OK, So What Happens Now That UK's Parliament Has Voted To Delay Brexit?

Everything you need to know.

The U.K. voted in June 2016 to exit the European Union, and the March 29 departure date is almost here. But members of Parliament voted on Thursday to delay exit day. So what on earth happens now? 

How long is the delay?

The vote authorized Prime Minister Theresa May to ask the EU to extend Article 50 (the legislation that pulls the U.K. out of the EU) until June 30 — that is, if MPs vote in favor of her Brexit deal when it is put to a vote for a third time next week. The short delay would be to allow the necessary legislation to be passed.

But if MPs once again reject her deal, she has warned that a longer extension will be necessary to work out what to do instead.

This would also mean the U.K. will have to take part in the European Parliament elections (and elect representatives to it) in two months.

The prospect of a proposed 21-month delay, to the end of 2020, would press euroskeptic Conservative Party MPs to vote for May’s deal to ensure that Brexit happens this year.

Will the EU agree?

To extend Article 50, the EU has to say yes. It probably will. But EU leaders have said the U.K. must provide a credible justification for an extension. Brussels would like to know what the U.K. wants, not just what it doesn’t want. 

Donald Tusk, the president of the European Council, said Friday morning that he would appeal for EU leaders to agree to a long extension if the U.K. needs one to come up with a new exit plan. Simon Coveney, Ireland’s deputy prime minister, said a long extension would give the U.K. a “reflection period” to consider what it wants. It takes only one EU member state to veto an extension. 

What do MPs want?

It’s still very unclear.

What next?

All this has to be agreed on very soon. A decision by Brussels to grant an extension would be made at the EU summit on Thursday, March 21.

Could the U.K. still leave the EU with no deal?


MPs voted against a no-deal exit on Wednesday evening, but that was only an expression of opinion and did not change the law. A no-deal exit remains the default outcome if an agreement between the U.K. and EU is not signed by exit day — whenever that is, delay or not.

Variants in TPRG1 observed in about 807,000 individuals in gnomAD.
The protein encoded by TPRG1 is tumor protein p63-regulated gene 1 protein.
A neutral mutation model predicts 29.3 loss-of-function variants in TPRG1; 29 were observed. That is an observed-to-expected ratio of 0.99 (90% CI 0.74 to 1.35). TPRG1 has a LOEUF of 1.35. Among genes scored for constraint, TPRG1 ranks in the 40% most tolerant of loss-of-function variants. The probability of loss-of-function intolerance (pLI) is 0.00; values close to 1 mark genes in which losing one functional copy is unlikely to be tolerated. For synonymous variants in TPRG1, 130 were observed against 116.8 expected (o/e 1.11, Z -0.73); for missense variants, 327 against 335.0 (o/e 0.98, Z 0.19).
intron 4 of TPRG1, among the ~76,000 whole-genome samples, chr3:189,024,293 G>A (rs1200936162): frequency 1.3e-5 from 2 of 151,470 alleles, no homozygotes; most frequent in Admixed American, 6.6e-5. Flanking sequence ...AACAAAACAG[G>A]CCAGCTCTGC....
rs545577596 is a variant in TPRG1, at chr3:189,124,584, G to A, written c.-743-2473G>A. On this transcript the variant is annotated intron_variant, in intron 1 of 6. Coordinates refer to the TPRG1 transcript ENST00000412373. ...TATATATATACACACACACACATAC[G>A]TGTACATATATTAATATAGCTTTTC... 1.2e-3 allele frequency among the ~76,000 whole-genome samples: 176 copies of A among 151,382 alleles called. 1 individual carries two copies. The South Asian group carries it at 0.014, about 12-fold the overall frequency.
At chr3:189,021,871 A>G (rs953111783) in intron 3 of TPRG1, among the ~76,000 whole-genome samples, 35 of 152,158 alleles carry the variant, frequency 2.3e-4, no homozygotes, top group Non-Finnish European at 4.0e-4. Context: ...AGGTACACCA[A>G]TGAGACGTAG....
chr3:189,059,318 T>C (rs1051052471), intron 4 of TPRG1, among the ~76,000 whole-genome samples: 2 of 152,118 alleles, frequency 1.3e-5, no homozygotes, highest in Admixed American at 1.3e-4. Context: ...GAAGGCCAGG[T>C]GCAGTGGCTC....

Will there be another general election?

Downing Street has said it is “not preparing for and we do not want a general election.”

But that does not mean one will not happen.

Charles Walker, a senior Tory lawmaker, has said May will have to hold one. “It is not sustainable, the current situation in Parliament,” he warned. 

The opposition Labour Party has already tried and failed once to force a general election by putting forward a vote of no confidence in the government.

But Emily Thornberry, the shadow foreign secretary, said this week the party would “take every opportunity” to try again if it looked likely to succeed. And one Tory lawmaker said today he would “seriously consider” backing a fresh bid by Labour leader Jeremy Corbyn to get rid of May as prime minister. 

Another referendum?

A significant number of MPs want a second referendum, on the terms of an exit deal. But at the moment, not a majority of them. 

On Thursday evening, MPs voted on an amendment to consider a second referendum, but it was rejected, which makes it very unlikely unless Brexit is delayed by much longer — 21 months, for example.

This is partly because there is not enough time for Parliament to legislate for a public vote on a deal before March 29 or June 30.

A long extension, however, could provide enough time for a people’s vote.

Will Article 50 be revoked?

Technically, the British government can unilaterally decide to cancel Brexit by revoking Article 50. It does not need the EU to agree. But this seems the least likely of all options.

Will May resign?

May survived an attempt by some Tory lawmakers to oust her in December. Under party rules, that means she is safe from another challenge for 12 months. 

But another defeat for her deal, a third in a row, could lead her to decide that the game is up and that it is time to quit. The Conservatives would then have to pick someone to replace her as prime minister. 

Tory MP George Freeman piled on the pressure Thursday by suggesting that Parliament would be more likely to vote for her deal on the condition that she promise to quit after it is ratified.